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  • Histories of Health in Southeast Asia: Perspectives on the Long Twentieth Century ed. by Tim Harper, Sunil S. Amrith
  • Hans Pols (bio)
Tim Harper and Sunil S. Amrith, eds., Histories of Health in Southeast Asia: Perspectives on the Long Twentieth Century Bloomington: Indiana University Press, 2014. viii 1250 pp. $25.00.

For historians of health and medicine, Southeast Asia is a fascinating area to explore. It has been ravaged by cholera, malaria, the plague, smallpox, yellow fever, dysentery, and several other diseases; today, it is associated with the avian flu and SARS. During the eras of imperial exploration and colonial settlement, Europeans were plagued by fear about the threats that disease posed to their health, not without reason, as white settlements were often decimated by disease. Disease does not recognize borders and imperial divides; the health challenges that Southeast Asian countries have faced have been, and continue to be, the same. Yet the response to these health challenges has varied considerably, depending on the state of medical knowledge at the time, population density, population movement, the nature of colonial administration, and the organization of medical services. Southeast Asia was colonized by the British, the French, the Dutch, and the Americans; each had a different approach to organizing health care. When these colonies became independent, the variety of approaches only increased. The essays in this edited volume build on a relatively new approach to the history of medicine in Southeast Asia by transcending developments in specific nation-states and taking the region as a whole into account. Several recent collections have addressed the history of health and medicine in Southeast Asia (see Lewis and MacPherson 2007; Bu, Stapleton, and Yip 2012; Monnais and Cook 2012; Peckham and Pomfret 2013); this volume is a welcome addition in this growing area of scholarship.

Several chapters in the volume, in particular those dealing with specific diseases or health conditions, successfully address the history of health and medicine in Southeast Asia as a whole. Peter Boomgaard sketches demographic transitions in Southeast Asia during the twentieth century: after 1945, the region underwent a rapid fall in mortality caused by improved sanitation, improved health facilities, and increased control over infectious disease. Kirsty Walker analyzes the devastating impact of the 1918 influenza pandemic, the region’s “worst demographic disaster of the twentieth century” (61). [End Page 207] She explores the different reactions within the region to this devastating disease, focusing on the ways indigenous populations, European health experts, and colonial bureaucracies attempted to deal with it. According to Walker, the influenza pandemic exposed deep-seated beliefs about health and illness and exacerbated social and religious tensions.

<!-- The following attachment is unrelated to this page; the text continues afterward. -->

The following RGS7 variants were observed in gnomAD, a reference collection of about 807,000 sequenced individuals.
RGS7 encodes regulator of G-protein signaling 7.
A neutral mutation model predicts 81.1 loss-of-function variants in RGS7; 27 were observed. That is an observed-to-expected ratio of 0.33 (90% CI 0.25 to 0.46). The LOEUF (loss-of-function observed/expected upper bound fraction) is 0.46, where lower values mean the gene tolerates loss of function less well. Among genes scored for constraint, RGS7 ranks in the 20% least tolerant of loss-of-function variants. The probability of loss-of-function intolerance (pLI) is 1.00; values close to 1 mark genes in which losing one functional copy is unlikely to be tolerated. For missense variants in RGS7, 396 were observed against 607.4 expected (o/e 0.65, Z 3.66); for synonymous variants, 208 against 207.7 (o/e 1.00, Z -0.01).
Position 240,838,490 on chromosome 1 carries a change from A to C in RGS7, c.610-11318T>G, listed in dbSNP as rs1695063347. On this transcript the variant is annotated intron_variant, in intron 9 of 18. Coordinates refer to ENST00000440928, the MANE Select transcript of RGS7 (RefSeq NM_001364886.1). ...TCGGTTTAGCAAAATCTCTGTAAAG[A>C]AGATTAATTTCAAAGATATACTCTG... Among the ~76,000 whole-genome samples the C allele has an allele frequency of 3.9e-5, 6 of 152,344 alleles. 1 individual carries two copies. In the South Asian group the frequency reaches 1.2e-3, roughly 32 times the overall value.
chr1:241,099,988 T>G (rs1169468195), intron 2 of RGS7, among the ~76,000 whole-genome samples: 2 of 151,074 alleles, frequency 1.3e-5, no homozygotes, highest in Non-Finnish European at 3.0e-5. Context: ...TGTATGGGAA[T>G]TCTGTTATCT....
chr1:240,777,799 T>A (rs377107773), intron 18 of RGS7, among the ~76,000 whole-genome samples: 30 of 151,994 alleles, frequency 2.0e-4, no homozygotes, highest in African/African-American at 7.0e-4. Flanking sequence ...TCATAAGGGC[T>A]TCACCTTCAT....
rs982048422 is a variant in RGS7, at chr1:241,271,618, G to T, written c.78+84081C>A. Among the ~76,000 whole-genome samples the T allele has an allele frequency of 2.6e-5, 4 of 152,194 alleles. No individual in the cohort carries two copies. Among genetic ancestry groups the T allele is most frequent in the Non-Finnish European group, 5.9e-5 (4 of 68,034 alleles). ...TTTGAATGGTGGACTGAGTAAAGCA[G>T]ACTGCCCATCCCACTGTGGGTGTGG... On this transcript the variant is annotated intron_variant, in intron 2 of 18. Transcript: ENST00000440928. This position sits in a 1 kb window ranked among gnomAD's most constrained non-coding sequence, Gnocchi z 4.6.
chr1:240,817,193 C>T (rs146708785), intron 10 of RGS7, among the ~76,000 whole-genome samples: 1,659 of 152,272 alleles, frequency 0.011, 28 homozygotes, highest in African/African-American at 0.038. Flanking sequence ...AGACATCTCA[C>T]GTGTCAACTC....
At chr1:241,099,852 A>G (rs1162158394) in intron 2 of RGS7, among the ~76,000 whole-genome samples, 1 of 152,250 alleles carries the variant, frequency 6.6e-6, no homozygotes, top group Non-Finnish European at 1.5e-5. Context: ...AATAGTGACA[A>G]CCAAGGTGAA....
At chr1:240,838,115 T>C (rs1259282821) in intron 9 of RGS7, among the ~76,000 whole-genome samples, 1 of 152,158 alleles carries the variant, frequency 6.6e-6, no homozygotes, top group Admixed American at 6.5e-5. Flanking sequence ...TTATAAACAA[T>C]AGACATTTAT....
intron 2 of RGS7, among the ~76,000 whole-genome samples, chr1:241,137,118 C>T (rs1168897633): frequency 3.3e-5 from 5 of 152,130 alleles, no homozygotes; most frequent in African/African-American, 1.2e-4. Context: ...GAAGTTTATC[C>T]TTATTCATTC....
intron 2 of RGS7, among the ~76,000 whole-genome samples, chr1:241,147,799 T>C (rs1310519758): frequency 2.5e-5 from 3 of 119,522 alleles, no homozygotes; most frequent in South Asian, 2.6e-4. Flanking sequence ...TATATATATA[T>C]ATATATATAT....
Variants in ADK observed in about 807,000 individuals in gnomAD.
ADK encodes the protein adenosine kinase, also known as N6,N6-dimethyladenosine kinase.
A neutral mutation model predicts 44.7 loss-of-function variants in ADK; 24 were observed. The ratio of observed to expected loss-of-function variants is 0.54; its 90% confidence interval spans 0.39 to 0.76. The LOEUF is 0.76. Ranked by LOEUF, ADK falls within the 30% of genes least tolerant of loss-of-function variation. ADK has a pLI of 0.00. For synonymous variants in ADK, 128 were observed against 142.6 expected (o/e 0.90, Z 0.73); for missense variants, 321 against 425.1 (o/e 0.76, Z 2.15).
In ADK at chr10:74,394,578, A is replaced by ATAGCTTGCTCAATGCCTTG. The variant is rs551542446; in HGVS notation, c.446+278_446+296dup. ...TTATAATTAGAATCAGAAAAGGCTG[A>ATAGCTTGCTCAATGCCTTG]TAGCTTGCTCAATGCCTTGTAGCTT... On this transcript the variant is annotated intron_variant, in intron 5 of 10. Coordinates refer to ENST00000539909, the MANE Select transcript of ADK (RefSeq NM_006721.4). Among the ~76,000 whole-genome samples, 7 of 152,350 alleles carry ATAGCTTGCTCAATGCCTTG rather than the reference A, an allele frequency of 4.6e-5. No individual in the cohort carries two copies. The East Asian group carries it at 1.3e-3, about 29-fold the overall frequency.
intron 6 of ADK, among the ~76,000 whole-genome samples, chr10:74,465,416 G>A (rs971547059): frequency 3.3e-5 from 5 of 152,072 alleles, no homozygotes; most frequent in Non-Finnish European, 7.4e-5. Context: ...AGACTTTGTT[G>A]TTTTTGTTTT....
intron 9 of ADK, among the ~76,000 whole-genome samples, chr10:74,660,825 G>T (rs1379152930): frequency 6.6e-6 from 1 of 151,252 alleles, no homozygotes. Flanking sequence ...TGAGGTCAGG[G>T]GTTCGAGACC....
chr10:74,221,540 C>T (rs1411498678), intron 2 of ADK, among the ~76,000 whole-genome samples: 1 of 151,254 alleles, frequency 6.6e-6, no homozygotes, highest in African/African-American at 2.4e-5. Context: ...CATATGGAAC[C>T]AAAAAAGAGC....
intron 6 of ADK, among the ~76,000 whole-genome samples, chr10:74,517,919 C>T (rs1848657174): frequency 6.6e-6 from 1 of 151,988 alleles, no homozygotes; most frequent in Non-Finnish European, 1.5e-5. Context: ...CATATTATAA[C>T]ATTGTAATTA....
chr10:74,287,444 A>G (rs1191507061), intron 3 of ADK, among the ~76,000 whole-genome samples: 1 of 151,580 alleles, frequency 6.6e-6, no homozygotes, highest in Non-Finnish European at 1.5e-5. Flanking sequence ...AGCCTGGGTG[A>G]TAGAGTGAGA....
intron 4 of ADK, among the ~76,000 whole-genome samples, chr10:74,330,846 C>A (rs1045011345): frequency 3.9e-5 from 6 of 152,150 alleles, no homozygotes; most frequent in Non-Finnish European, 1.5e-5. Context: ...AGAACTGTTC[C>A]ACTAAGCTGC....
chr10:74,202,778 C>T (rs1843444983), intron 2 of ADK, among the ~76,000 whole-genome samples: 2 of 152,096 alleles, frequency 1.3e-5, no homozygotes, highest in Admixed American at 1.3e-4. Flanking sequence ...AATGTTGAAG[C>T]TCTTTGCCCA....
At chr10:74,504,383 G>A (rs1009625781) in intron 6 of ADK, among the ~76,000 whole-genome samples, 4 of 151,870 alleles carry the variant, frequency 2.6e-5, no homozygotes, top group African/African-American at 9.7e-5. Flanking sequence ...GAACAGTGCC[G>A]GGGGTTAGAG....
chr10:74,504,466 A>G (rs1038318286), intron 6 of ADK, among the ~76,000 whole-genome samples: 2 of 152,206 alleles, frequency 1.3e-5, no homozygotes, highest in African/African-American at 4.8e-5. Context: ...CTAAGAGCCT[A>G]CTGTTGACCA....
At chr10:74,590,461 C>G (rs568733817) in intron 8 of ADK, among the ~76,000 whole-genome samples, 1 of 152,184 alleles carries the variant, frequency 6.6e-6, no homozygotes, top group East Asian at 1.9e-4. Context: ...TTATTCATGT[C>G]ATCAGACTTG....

Southeast Asia played an important role in the development of ideas and practices in international health when physicians from the area met and discussed common challenges. Eric Tagliacozzo analyzes how concerns about cholera, which swept the region repeatedly, with disastrous consequences, during the nineteenth century, led to the organization of several international sanitary conferences, the establishment of a region-wide regime of quarantine regulations and quarantine stations, and the exchange of information between states. Concerns were particularly focused on the thousands of pilgrims who made the hajj by boat every year and fell victim to the disease or transmitted it back home. Sunil Amrith explores how, in Southeast Asia, an international discourse on health and disease originated during the first three decades of the twentieth century. At the turn of the twentieth century, several medical breakthroughs in tropical medicine opened new avenues for the management of disease, primarily through prevention. Through the activities of the Rockefeller Foundation and the League of Nations Health Organization, health professionals from the region started to meet with one another more frequently to exchange information. As a consequence, Southeast Asia increasingly became a region of knowledge and medical intervention. In particular, approaches to rural health, the main topic of the 1937 Inter-governmental Conference of Far-Eastern countries on Rural Hygiene held in Bandung in the Dutch East Indies, accelerated this process.

Two essays explore the many different connections between politics and medicine. Rachel Leow examines the political activity of physicians in Southeast Asia, focusing on Malaysia. Leow notes that Western medicine has often been...

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Additional Information

ISSN
1875-2152
Print ISSN
1875-2160
Pages
pp. 207-209
Launched on MUSE
2016-05-05
Open Access
No
Archive Status
Archived 2021
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